- Image by Supacat

The days of Land Rover working as a warhorse are ending. Off-the-shelf products are seen more as a liability than an asset due to their lack of amour and mine protection. Even though the SUV market has sky rocked in the last decade, there is a large gap between the requirements of the market and the military. The military demands more sturdy and versatile vehicles, whereas the market demands more luxurious ones. The Land Rover Discovery is an excellent example of this, even though it's a capable SUV, today it is seen as a “suburban mom’s car.” However, that doesn’t mean that one cannot use its parts for building a military spec vehicle.

The Light Reconnaissance Vehicle (LRV) 400 is an air-transportable off-road vehicle designed to carry out light strike missions, reconnaissance, and logistics for the military. Based on the Land Rover Discovery platform, it combines the DNA of a Bowler Wildcat and HMT 400 Jackal, which makes the LRV 400 a fast and lethal vehicle. Just ask Hammond and Clarkson about them.

The LRV 400 is a very modular vehicle that can be configured to meet the various requirements of the military. Starting from the engine, it has a 3.2 liter V6 engine that produces 236hp and 550Nm torque. It has front and rear air suspension from a Land Rover Discovery that has been strengthened along with the chassis. The vehicle also gets an eight-speed automatic transmission with high and low range with permanent four-wheel drive. It also comes with a central differential lock with optional front and rear air locking.

It has a top speed of 160 km/h and a range of 800 km. The vehicle is designed to fit inside a CH 47 Chinook making it a perfect vehicle for “hit and run” tactics. Furthermore, with the approach and departure angle at 40°, and with a wading depth of 750mm, the vehicle can tackle any terrain. The self-recovery winch and Hutchinson bead-lock run-flats makes sure you can get out of any trouble.

The LRV is designed to be adaptable to meet the demands of various armed forces across the globe. The off-capabilities of the Discovery was one of the key reasons for using it as a base platform. The crew cab and the hamper is similar to the one of the HMT 400 Jackal, which can be further configured with ballistic armor. The vehicle comes with a remote weapons station, weapon mounts, and smoke grenade launcher, among other things. The dashboard used on it is also similar to the one on the Jackal, making the controls easier for solders when switching vehicles.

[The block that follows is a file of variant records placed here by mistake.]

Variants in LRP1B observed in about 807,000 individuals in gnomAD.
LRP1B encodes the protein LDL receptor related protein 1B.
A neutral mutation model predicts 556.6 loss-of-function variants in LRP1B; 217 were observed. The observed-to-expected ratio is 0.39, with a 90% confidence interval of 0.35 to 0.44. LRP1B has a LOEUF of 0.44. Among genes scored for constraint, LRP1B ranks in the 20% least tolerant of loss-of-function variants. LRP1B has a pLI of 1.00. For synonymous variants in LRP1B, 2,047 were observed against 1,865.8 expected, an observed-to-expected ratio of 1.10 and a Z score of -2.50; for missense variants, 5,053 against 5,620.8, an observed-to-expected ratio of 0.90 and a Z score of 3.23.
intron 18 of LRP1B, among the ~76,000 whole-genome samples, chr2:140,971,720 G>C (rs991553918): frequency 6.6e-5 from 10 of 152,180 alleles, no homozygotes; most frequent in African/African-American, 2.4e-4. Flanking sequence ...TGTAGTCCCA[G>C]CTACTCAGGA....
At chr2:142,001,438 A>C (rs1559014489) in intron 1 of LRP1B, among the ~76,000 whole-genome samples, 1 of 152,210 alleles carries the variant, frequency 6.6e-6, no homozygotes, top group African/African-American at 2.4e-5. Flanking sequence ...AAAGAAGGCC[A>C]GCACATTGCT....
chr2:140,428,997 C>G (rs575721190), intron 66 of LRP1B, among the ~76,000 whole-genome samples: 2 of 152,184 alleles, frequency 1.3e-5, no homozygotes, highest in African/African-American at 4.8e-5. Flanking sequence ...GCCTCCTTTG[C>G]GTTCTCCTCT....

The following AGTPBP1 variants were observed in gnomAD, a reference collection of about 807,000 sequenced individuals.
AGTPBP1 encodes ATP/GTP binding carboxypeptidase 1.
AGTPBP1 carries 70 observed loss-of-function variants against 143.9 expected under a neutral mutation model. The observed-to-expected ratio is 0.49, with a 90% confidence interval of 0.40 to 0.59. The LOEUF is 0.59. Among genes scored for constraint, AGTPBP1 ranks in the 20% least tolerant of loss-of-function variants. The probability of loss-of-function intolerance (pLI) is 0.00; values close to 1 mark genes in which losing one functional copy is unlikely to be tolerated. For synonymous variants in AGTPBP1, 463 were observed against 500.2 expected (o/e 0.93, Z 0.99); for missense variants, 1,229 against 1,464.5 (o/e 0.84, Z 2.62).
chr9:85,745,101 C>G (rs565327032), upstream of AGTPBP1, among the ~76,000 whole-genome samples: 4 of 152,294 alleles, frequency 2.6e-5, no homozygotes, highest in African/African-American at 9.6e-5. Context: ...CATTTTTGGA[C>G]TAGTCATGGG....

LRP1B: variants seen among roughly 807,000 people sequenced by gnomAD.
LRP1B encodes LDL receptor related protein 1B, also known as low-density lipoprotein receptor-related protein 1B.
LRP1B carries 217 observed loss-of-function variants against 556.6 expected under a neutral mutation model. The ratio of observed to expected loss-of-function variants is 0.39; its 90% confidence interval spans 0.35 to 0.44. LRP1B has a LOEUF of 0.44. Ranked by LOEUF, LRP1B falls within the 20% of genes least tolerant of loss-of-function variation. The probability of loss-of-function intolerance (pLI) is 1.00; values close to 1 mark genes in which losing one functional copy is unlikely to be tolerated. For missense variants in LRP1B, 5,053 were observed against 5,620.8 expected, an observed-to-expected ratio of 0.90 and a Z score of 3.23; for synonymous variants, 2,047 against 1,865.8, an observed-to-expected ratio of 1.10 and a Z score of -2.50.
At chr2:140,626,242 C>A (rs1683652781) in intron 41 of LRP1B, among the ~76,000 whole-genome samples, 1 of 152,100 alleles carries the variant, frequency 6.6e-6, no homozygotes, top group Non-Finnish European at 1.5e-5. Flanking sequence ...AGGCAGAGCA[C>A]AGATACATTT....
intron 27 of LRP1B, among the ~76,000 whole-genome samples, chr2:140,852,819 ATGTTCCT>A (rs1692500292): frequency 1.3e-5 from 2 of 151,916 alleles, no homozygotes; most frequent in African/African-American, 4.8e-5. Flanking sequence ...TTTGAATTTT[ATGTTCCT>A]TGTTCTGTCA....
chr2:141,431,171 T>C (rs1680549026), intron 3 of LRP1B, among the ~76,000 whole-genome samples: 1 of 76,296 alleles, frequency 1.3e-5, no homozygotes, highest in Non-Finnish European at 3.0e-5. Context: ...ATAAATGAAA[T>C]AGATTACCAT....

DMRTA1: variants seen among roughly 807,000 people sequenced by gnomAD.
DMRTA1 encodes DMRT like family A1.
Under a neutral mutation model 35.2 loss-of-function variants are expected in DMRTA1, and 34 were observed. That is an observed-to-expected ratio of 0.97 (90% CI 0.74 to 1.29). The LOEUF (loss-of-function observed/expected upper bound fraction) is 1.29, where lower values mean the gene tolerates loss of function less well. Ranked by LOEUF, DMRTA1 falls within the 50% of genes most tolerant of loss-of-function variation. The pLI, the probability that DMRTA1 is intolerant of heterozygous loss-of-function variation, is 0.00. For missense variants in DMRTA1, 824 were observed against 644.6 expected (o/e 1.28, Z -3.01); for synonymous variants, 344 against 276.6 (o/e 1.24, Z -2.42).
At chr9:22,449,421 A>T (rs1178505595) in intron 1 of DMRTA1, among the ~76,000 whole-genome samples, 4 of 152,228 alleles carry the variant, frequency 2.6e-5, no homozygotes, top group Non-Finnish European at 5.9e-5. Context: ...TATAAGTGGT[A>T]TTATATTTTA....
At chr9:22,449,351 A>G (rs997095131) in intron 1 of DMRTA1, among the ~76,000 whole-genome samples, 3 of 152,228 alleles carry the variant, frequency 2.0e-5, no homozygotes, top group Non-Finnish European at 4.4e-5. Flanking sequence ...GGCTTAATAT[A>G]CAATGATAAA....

Oh, did I mention that you can convert it into a 6x6?

Adaptability and flexibility are the key aspects of the LRV 400. Using a modular third axle, the LRV 400 can be converted to the LRV 600, which extend its range and missions it can perform. Moreover, the conversion takes only a few hours; thus, users can use the 400 or the 600 variant depending on the mission. While the power to weight ratio falls down when converting to the 6x6 variant, the payload significantly increases, making the LRV 600 suitable support vehicle.

The LRV 400 and the 600 is marketed mainly towards special forces who are looking for a small air-portable vehicle and the current Land Rover users seeking to replace their aging vehicles. The primary customers are the ones who currently operate the HMT 400 Jackal and HMT 600 Coyote, mainly the British and Australian army. Moreover, the LRV is also ITAR free; thus, no pesky regulations are surrounding it. As such Supacat might even sell you one.

The LRV 400 is one of the few vehicles out there that lets you have the practicality of a 4x4 with the madness of a 6x6.

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